The Ultimate Book Launch and Marketing Guide (and Infographic)
- Danny Iny
Last week, I officially launched my new book, with much fanfare.
The launch involved a dozen guest posts on major blogs, two video trailers, special launch bonuses, and loads of reviews from people who were kind enough to look at an advance copy of the book.
And while it’s still too soon to know if the book will be called a success, I’m ready to call the book launch a success;
- 3,504 people visited the book’s site
- 1,439 people watched the launch videos
- 83 people bought the book (paperback, or Kindle)
- 1,587 people (!!!) downloaded the free digital version
Are those numbers that will make a major publisher’s heart skip a beat? No, they aren’t.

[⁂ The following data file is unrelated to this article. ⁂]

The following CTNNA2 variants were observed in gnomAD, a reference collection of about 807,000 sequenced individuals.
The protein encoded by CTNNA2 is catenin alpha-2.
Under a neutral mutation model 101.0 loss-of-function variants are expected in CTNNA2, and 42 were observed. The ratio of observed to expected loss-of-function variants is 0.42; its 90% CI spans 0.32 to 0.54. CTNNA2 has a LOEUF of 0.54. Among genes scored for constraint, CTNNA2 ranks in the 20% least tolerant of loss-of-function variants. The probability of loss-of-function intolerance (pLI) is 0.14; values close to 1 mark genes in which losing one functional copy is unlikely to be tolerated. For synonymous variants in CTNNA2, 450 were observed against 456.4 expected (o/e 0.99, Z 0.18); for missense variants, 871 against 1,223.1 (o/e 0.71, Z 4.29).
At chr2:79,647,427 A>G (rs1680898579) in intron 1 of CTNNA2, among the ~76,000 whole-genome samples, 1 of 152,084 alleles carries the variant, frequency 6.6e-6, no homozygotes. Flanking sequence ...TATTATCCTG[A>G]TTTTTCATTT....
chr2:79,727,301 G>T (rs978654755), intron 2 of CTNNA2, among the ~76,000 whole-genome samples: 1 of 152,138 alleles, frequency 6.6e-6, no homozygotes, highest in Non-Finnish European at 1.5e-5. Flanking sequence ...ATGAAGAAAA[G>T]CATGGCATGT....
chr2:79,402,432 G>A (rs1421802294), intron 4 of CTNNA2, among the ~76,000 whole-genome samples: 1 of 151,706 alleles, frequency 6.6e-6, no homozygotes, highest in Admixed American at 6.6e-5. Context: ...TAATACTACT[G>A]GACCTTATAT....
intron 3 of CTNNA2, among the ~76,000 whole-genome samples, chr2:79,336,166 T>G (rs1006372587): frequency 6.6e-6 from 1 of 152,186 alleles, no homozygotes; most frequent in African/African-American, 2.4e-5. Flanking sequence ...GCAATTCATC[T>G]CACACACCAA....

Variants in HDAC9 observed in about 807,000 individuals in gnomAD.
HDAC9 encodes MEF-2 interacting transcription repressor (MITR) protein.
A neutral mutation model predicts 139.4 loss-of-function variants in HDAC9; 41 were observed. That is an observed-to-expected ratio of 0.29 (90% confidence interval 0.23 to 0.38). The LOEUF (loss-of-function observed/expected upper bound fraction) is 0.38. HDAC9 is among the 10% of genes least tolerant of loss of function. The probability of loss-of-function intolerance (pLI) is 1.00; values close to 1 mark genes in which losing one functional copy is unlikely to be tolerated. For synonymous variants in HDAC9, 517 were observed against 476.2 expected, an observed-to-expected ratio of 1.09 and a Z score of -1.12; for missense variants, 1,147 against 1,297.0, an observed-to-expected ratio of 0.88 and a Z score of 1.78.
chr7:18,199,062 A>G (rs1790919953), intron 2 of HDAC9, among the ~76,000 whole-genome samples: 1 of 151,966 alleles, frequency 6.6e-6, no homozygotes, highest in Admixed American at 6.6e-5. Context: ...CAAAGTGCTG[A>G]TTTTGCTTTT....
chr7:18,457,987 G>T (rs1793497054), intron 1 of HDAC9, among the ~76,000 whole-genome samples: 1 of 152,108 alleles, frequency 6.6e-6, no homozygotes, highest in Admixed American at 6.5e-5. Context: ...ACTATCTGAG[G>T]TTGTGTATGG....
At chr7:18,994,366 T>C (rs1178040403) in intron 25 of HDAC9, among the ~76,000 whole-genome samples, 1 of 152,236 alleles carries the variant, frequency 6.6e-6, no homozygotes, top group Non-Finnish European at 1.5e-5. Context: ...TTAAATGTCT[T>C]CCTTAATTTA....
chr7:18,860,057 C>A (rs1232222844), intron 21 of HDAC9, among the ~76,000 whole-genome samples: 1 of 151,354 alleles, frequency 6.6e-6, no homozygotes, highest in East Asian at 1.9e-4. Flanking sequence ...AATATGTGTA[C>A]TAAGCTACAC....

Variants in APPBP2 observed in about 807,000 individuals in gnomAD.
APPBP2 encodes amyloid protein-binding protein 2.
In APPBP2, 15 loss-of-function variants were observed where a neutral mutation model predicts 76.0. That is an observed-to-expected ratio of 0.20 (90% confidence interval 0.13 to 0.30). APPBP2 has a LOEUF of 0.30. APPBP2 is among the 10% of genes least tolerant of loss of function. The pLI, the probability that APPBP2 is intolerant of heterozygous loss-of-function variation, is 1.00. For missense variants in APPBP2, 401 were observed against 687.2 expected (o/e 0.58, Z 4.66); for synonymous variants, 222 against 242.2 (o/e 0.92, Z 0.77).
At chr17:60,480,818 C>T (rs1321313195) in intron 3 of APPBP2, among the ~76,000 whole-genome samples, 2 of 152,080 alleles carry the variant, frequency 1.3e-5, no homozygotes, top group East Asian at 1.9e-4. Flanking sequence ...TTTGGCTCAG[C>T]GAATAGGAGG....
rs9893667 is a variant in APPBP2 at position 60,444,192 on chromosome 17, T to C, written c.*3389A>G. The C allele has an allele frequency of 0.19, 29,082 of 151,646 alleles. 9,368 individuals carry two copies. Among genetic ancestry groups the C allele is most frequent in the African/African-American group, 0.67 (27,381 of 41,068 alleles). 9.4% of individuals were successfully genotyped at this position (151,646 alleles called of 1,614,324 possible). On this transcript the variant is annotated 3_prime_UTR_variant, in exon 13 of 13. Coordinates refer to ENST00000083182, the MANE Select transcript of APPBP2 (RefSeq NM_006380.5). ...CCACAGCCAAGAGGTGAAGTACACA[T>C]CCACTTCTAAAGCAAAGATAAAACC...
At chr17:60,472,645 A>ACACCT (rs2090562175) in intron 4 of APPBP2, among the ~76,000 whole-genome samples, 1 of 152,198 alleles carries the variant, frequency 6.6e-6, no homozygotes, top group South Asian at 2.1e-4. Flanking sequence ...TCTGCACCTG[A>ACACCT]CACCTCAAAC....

But I’m not a major publisher – in fact, I’m not a publisher at all; Engagement from Scratch! was self-published which means that I don’t have a big marketing budget, ties to the media, or relationships with booksellers. And a year ago today, nobody in the blogosphere knew who I was.
All to say that I’m pretty happy with these results, and if you were in my shoes, I think you would be too!
But the point of this post isn’t to pat myself on the back (though it’s nice to do once in a while) – it’s to share what I did in order to make it all happen, and what I did wrong, and would do differently next time. Here is my ultimate guide on how to launch a book…
First, Write a Great Book